I freely admit that I rely too much on the good opinion of other people.  Hence the writing, I guess.  I have built my entire professional life around entertaining other people, and it’s not that different in my personal life: I am one of those people who automatically assumes that an unanswered text means that the recipient despises me, for example.  I’m exaggerating, but modern life does encourage us to believe that silence is passive aggressive and that a friendship isn’t real until you’re connected on Facebook.  Not the healthiest way to approach social interaction, is it?

How do we fix this?  Can we go about our lives in a way that balances a strong sense of self-worth with knowing the value of other people’s respect?  Is there an attitude that will allow us to like ourselves enough not to worry too much about our reputations, but at the same time make sure that our reputations stay intact?  Can we be the best versions of ourselves without needing to hear about it from the people around us?

Some people are already able to do this, of course.  Lucky you, if you’re one of those types.  But for the rest of us, whatever aspect of our lives/upbringings/personalities has led us to this point, we need to focus on gaining our own respect before we work for anyone else’s.  You know the irritating but true phrase “no one will love you until you learn to love yourself”?  Well, it’s the same with respect (and slightly less cloying to think about): what use is anyone else’s if you haven’t got your own?

Pursuit of what we know (or hope) will make us better people is the key to finding self-respect.  Think about the people you admire in life: the achievers, the constants, the optimists.  All of those people have worked hard to achieve those great feats and obtain those virtues.  They identified what they wanted to be or do, and then pursued it for their own sense of self worth.  If they can do it, you can, too.

It’s like playing Pokemon on a GameBoy (showing my age here): when you’re working towards a gym badge in those games, you don’t give a crap what Team Rocket are up to.  In reality, when you’re working towards becoming a better version of yourself, you forget about what other people think of you.  You know deep down that your opinion is the only one which matters.

Having said that, I think all of our self-improvement programmes would develop much more rapidly if seals actually followed us around and applauded our good deeds.  I’ll have to look into that.

Have a stupendous Tuesday.

My (Slightly Less) Naughty Little Sister

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Hello, lovely reader!  How’s life treating you today?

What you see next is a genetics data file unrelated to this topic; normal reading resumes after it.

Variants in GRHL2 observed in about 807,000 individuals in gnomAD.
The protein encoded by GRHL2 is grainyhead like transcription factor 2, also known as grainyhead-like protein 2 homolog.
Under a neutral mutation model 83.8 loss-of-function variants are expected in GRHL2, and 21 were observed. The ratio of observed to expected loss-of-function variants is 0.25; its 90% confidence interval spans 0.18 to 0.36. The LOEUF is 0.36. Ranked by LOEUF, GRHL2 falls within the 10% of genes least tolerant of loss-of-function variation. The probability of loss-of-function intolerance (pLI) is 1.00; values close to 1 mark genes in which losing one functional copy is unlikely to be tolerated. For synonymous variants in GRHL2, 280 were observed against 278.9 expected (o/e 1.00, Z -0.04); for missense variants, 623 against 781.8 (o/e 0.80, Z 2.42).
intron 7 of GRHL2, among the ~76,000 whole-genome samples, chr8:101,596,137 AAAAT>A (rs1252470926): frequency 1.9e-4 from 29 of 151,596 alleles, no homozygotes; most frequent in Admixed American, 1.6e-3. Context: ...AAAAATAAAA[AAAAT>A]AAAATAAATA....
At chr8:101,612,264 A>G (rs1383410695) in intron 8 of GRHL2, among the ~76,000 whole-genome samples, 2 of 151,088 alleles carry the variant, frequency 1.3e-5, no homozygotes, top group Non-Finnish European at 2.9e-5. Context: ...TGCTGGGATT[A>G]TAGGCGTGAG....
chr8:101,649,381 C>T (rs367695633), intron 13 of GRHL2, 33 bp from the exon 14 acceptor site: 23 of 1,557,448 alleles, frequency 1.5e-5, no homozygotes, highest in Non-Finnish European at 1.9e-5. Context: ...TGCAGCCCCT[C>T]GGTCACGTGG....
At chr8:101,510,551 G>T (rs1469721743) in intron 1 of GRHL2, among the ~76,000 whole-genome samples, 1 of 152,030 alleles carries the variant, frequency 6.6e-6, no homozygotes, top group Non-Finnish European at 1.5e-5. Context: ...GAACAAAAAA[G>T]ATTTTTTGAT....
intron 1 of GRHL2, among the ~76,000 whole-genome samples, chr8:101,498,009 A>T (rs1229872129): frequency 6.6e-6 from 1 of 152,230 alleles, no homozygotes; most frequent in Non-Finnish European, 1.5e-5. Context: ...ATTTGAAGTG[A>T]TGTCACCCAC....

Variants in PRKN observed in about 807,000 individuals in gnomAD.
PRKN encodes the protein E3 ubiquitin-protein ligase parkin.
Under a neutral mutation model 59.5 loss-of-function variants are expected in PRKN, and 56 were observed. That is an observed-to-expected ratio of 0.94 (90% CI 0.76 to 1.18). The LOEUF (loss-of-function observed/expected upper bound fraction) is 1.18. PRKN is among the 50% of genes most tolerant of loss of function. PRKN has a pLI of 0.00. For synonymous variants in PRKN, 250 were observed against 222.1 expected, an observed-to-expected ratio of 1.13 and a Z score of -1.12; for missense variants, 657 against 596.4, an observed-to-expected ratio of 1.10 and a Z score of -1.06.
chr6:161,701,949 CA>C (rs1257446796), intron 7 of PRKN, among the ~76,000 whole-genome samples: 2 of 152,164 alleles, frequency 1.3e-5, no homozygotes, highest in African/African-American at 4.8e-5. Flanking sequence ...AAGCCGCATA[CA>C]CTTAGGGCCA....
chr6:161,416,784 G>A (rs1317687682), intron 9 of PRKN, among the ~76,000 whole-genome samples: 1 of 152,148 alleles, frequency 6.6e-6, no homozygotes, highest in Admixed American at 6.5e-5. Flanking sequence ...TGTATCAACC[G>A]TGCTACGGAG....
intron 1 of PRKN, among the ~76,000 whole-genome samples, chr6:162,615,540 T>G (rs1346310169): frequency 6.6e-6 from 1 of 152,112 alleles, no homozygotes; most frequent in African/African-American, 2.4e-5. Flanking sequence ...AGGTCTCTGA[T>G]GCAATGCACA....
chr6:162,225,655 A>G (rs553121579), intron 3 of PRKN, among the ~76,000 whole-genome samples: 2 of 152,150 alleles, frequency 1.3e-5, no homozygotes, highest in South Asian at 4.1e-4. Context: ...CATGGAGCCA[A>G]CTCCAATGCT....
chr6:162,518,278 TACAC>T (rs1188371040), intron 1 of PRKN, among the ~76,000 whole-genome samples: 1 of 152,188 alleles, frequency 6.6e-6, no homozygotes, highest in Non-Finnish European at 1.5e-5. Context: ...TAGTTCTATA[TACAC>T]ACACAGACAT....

Does anyone remember those stories about a little girl who was incredibly naughty, but essentially loveable?  They were called “My Naughty Little Sister”, and I remember reading them as a child and feeling a bit cheated by the stories’ inevitable happy endings.  If I’d got up to half of her shenanigans, I would never have been able to charm my way out of trouble the way that little girl did.  In fact, on many occasions I was that naughty, and it’s shocking how useless a winning smile and puppy dog eyes are when you’re dealing with angry teachers/parents/older siblings.

Anyway, as most of my social circle know, my siblings are the most important people in my life.  We are five very different people who happen to have the same face, and despite the obligatory childhood scraps and rivalries, we have ended up being very close friends as adults.  Last night I had a long phone conversation with my little sister: nothing major, just a nice, lengthy catch up and a bit of gossip.  But it was, as all of my conversations with my siblings are, very rewarding.  There are a few reasons for this, and for the existence of siblings in general being a brilliant thing.

First of all, there is nothing like having someone just like you around to validate your existence (and personality, in some cases).  I know that I can say to my little sister “I’m worried about this”, or “I really don’t like that”, and she will always understand where I’m coming from.  Like everyone else, I sometimes worry that I am very weird and that everyone else is a lot better at life than I am.  Having four people in my life who share my neuroses, genetic predispositions and slightly odd frame of cultural reference makes me feel like a proper human being.  I may well be very weird, but I am not alone.  Having siblings puts you into context, and that’s extremely valuable.